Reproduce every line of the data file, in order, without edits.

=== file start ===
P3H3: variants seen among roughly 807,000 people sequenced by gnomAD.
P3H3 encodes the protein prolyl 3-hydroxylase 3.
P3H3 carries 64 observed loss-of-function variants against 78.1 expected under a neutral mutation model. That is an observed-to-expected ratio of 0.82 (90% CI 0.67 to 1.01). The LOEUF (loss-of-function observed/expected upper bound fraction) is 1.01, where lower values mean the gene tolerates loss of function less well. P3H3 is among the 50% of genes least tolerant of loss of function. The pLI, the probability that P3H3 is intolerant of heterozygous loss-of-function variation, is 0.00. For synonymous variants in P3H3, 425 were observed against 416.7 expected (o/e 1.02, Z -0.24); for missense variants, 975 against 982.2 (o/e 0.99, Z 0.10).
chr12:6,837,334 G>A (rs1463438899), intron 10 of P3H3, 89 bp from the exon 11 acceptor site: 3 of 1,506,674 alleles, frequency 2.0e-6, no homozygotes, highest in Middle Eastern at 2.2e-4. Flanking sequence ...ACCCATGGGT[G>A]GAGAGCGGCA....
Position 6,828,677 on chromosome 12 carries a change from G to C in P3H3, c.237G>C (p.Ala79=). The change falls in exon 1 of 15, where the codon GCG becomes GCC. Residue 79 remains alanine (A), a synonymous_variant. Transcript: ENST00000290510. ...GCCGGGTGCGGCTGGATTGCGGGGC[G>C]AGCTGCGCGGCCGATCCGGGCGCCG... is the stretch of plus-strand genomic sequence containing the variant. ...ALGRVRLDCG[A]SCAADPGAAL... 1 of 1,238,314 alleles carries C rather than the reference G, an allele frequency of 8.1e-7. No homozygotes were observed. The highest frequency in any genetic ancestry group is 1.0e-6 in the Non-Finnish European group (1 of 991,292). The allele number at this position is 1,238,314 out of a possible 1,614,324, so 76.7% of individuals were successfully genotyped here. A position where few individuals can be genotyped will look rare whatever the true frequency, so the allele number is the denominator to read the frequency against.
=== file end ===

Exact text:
P3H3: variants seen among roughly 807,000 people sequenced by gnomAD.
P3H3 encodes the protein prolyl 3-hydroxylase 3.
P3H3 carries 64 observed loss-of-function variants against 78.1 expected under a neutral mutation model. That is an observed-to-expected ratio of 0.82 (90% CI 0.67 to 1.01). The LOEUF (loss-of-function observed/expected upper bound fraction) is 1.01, where lower values mean the gene tolerates loss of function less well. P3H3 is among the 50% of genes least tolerant of loss of function. The pLI, the probability that P3H3 is intolerant of heterozygous loss-of-function variation, is 0.00. For synonymous variants in P3H3, 425 were observed against 416.7 expected (o/e 1.02, Z -0.24); for missense variants, 975 against 982.2 (o/e 0.99, Z 0.10).
chr12:6,837,334 G>A (rs1463438899), intron 10 of P3H3, 89 bp from the exon 11 acceptor site: 3 of 1,506,674 alleles, frequency 2.0e-6, no homozygotes, highest in Middle Eastern at 2.2e-4. Flanking sequence ...ACCCATGGGT[G>A]GAGAGCGGCA....
Position 6,828,677 on chromosome 12 carries a change from G to C in P3H3, c.237G>C (p.Ala79=). The change falls in exon 1 of 15, where the codon GCG becomes GCC. Residue 79 remains alanine (A), a synonymous_variant. Transcript: ENST00000290510. ...GCCGGGTGCGGCTGGATTGCGGGGC[G>C]AGCTGCGCGGCCGATCCGGGCGCCG... is the stretch of plus-strand genomic sequence containing the variant. ...ALGRVRLDCG[A]SCAADPGAAL... 1 of 1,238,314 alleles carries C rather than the reference G, an allele frequency of 8.1e-7. No homozygotes were observed. The highest frequency in any genetic ancestry group is 1.0e-6 in the Non-Finnish European group (1 of 991,292). The allele number at this position is 1,238,314 out of a possible 1,614,324, so 76.7% of individuals were successfully genotyped here. A position where few individuals can be genotyped will look rare whatever the true frequency, so the allele number is the denominator to read the frequency against.